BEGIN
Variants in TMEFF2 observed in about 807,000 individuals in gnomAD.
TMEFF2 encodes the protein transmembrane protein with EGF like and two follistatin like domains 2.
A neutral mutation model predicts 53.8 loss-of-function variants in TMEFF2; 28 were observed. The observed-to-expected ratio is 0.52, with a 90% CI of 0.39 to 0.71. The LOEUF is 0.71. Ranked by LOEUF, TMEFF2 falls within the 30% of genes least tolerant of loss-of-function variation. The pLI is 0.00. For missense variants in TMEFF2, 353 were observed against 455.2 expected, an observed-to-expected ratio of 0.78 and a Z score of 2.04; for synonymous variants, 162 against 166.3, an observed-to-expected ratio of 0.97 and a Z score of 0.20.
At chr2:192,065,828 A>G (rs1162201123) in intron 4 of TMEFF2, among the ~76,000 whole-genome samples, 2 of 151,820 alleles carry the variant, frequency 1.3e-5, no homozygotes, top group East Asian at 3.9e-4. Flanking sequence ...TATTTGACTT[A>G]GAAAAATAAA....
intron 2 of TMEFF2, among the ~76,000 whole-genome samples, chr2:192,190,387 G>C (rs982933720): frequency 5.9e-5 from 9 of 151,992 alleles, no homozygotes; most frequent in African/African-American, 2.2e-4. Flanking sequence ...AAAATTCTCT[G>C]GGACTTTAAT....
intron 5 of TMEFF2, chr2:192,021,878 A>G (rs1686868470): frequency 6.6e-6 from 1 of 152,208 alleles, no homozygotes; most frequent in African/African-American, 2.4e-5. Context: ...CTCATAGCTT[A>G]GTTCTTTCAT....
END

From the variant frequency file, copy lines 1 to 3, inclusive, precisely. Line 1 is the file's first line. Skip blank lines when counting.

Variants in TMEFF2 observed in about 807,000 individuals in gnomAD.
TMEFF2 encodes the protein transmembrane protein with EGF like and two follistatin like domains 2.
A neutral mutation model predicts 53.8 loss-of-function variants in TMEFF2; 28 were observed. The observed-to-expected ratio is 0.52, with a 90% CI of 0.39 to 0.71. The LOEUF is 0.71. Ranked by LOEUF, TMEFF2 falls within the 30% of genes least tolerant of loss-of-function variation. The pLI is 0.00. For missense variants in TMEFF2, 353 were observed against 455.2 expected, an observed-to-expected ratio of 0.78 and a Z score of 2.04; for synonymous variants, 162 against 166.3, an observed-to-expected ratio of 0.97 and a Z score of 0.20.